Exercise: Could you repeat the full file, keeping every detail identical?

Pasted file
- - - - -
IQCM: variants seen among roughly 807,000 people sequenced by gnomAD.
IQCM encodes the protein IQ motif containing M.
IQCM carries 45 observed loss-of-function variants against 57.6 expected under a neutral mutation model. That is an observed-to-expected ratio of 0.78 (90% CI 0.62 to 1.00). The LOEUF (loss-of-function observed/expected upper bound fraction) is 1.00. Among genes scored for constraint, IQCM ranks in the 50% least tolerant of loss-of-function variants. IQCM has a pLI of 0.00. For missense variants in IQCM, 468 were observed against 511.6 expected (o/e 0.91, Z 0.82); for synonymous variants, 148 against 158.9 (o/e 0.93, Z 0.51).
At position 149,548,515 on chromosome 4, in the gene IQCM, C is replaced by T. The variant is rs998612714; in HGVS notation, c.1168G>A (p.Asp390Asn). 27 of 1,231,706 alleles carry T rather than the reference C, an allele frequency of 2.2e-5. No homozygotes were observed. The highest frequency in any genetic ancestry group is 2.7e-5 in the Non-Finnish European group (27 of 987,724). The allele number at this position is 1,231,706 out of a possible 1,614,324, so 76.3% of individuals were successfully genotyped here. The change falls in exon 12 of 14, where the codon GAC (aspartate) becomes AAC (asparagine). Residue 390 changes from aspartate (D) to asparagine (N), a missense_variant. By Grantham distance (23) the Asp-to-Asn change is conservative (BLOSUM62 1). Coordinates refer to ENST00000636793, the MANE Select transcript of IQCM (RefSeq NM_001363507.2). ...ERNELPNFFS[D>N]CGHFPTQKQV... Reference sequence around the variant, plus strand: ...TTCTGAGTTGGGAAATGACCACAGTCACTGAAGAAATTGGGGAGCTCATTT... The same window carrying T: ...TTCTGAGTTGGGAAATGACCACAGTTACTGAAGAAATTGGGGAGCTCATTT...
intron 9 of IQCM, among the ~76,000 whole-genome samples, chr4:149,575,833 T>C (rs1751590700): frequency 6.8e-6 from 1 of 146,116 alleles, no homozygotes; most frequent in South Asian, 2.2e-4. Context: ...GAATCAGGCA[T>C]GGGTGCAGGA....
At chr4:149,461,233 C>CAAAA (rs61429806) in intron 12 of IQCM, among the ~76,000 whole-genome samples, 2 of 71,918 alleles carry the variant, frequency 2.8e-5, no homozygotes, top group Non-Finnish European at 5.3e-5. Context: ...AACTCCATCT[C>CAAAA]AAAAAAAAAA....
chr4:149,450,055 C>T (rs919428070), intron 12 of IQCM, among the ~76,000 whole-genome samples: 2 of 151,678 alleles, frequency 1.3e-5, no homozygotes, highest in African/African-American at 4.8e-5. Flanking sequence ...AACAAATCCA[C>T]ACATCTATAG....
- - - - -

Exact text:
IQCM: variants seen among roughly 807,000 people sequenced by gnomAD.
IQCM encodes the protein IQ motif containing M.
IQCM carries 45 observed loss-of-function variants against 57.6 expected under a neutral mutation model. That is an observed-to-expected ratio of 0.78 (90% CI 0.62 to 1.00). The LOEUF (loss-of-function observed/expected upper bound fraction) is 1.00. Among genes scored for constraint, IQCM ranks in the 50% least tolerant of loss-of-function variants. IQCM has a pLI of 0.00. For missense variants in IQCM, 468 were observed against 511.6 expected (o/e 0.91, Z 0.82); for synonymous variants, 148 against 158.9 (o/e 0.93, Z 0.51).
At position 149,548,515 on chromosome 4, in the gene IQCM, C is replaced by T. The variant is rs998612714; in HGVS notation, c.1168G>A (p.Asp390Asn). 27 of 1,231,706 alleles carry T rather than the reference C, an allele frequency of 2.2e-5. No homozygotes were observed. The highest frequency in any genetic ancestry group is 2.7e-5 in the Non-Finnish European group (27 of 987,724). The allele number at this position is 1,231,706 out of a possible 1,614,324, so 76.3% of individuals were successfully genotyped here. The change falls in exon 12 of 14, where the codon GAC (aspartate) becomes AAC (asparagine). Residue 390 changes from aspartate (D) to asparagine (N), a missense_variant. By Grantham distance (23) the Asp-to-Asn change is conservative (BLOSUM62 1). Coordinates refer to ENST00000636793, the MANE Select transcript of IQCM (RefSeq NM_001363507.2). ...ERNELPNFFS[D>N]CGHFPTQKQV... Reference sequence around the variant, plus strand: ...TTCTGAGTTGGGAAATGACCACAGTCACTGAAGAAATTGGGGAGCTCATTT... The same window carrying T: ...TTCTGAGTTGGGAAATGACCACAGTTACTGAAGAAATTGGGGAGCTCATTT...
intron 9 of IQCM, among the ~76,000 whole-genome samples, chr4:149,575,833 T>C (rs1751590700): frequency 6.8e-6 from 1 of 146,116 alleles, no homozygotes; most frequent in South Asian, 2.2e-4. Context: ...GAATCAGGCA[T>C]GGGTGCAGGA....
At chr4:149,461,233 C>CAAAA (rs61429806) in intron 12 of IQCM, among the ~76,000 whole-genome samples, 2 of 71,918 alleles carry the variant, frequency 2.8e-5, no homozygotes, top group Non-Finnish European at 5.3e-5. Context: ...AACTCCATCT[C>CAAAA]AAAAAAAAAA....
chr4:149,450,055 C>T (rs919428070), intron 12 of IQCM, among the ~76,000 whole-genome samples: 2 of 151,678 alleles, frequency 1.3e-5, no homozygotes, highest in African/African-American at 4.8e-5. Flanking sequence ...AACAAATCCA[C>T]ACATCTATAG....